#4. Traditional BJJ is MMA Grappling
If you watch any of the old Gracie challenge videos, pretty much every fight involves striking and wrestling before any BJJ specific techniques come into play.
In the first fight, Lowell Anderson sprawls hard on his challenger before sinking in a deep arm-in guillotine. At 8:34, we see BJJ grappler in the gi hit a clean double leg takedown off of the wall.
It’s not necessarily common for typical BJJ schools to teach comprehensive systems for grappling against the wall or under a more open ruleset. Nevertheless, it’s clear that MMA grappling skills were integral to old-school BJJ.
Are there downsides to MMA grappling?
There are some downsides to training MMA grappling for self-defense. Even though MMA rules are far more open than sport BJJ, there are still vicious techniques banned in sanctioned competition.
These include head stomps, eye gouges, and any number of biting or fish-hooking techniques that would be devastating if applied from a position of control by a determined attacker. This is not to mention the typical contingencies such as weapons and additional attackers.
Nevertheless, the fundamental abilities to escape the mount, wall pin, and front headlock still need to be learned, and MMA rules are a good way to ease into training with open rules.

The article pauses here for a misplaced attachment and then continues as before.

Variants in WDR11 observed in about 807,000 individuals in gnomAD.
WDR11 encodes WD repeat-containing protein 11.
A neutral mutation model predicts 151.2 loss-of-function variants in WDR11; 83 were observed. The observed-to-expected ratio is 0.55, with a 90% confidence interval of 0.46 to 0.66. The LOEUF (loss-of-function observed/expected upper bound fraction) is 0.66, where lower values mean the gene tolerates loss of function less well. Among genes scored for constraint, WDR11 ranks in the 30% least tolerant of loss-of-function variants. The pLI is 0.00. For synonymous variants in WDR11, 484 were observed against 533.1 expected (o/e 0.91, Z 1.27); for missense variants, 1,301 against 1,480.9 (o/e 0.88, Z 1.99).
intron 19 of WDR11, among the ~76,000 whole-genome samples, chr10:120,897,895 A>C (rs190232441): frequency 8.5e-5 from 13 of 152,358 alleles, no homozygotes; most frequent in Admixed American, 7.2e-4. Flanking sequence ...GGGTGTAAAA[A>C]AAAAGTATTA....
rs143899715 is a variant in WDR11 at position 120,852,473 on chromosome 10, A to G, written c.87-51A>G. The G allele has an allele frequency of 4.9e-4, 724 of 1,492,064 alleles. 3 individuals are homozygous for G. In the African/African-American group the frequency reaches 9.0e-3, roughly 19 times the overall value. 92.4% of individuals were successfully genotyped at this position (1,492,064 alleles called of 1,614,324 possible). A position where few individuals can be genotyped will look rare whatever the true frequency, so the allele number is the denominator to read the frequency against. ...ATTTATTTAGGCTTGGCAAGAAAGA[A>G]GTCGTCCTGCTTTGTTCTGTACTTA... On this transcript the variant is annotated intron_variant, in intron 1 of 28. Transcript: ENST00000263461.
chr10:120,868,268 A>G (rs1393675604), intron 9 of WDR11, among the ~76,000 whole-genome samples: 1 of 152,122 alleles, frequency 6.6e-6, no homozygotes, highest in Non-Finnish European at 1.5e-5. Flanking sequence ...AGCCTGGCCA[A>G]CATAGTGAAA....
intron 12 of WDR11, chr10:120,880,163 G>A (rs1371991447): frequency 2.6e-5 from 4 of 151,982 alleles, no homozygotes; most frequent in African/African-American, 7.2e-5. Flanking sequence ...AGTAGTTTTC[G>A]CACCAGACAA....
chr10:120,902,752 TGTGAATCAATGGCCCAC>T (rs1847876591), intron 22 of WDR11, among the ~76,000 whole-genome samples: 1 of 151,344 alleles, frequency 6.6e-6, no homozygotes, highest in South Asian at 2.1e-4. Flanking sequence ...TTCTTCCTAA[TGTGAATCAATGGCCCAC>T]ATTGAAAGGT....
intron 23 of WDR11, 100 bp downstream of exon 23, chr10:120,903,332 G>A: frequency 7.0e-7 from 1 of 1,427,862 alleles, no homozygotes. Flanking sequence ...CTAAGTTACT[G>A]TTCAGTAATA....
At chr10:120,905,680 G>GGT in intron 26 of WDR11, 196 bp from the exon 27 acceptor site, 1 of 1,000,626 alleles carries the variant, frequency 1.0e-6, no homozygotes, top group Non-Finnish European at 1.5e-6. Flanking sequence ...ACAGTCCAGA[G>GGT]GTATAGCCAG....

Why do schools neglect MMA Grappling?
I believe that often, these skills are neglected because they are difficult to train and time-consuming. Many people roll for the fun of it and aren’t interested in months of grinding out MMA grappling.
It’s also possible that the instructors at a given BJJ school aren’t competent at this skillset. This may be fine for your goals on the mat, however, if someone is serious about learning practical self-defense, they may need to look at additional training.
Okay… I want to train MMA grappling for self-defense… now what?
If you can train BJJ at a good MMA school, there should be the opportunity to learn the MMA fundamentals needed for self-defense. If you are at a traditional BJJ school that doesn’t do MMA grappling, you could see if anyone might want to put on MMA gloves and do light taps during open mat to simulate more realistic grappling.
“Many people have moved from the school they started at because it did not offer training that was meeting their needs”
Furthermore, depending on your relationship with the instructor, you could ask about whether MMA grappling techniques are something he’s considered teaching, even in a private lesson. If none of these are options at your school, you must make an honest decision about your goals in martial arts and what you need out of training. Many people, myself included, have moved from the school they started at because it did not offer training that was meeting their needs.